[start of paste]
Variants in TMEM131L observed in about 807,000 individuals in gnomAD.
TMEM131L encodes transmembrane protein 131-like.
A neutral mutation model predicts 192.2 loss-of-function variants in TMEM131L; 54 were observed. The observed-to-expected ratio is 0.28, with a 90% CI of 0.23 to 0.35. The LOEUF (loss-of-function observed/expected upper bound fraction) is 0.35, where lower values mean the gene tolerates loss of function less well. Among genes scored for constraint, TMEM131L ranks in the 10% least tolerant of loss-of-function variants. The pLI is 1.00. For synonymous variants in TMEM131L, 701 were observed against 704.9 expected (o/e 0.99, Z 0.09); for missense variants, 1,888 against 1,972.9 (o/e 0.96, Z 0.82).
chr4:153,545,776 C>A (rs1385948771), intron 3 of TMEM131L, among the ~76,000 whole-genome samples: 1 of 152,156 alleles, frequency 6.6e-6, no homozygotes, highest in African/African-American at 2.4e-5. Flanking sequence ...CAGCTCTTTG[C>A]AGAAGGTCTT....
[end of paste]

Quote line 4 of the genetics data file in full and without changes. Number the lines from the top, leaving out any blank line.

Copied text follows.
chr4:153,545,776 C>A (rs1385948771), intron 3 of TMEM131L, among the ~76,000 whole-genome samples: 1 of 152,156 alleles, frequency 6.6e-6, no homozygotes, highest in African/African-American at 2.4e-5. Flanking sequence ...CAGCTCTTTG[C>A]AGAAGGTCTT....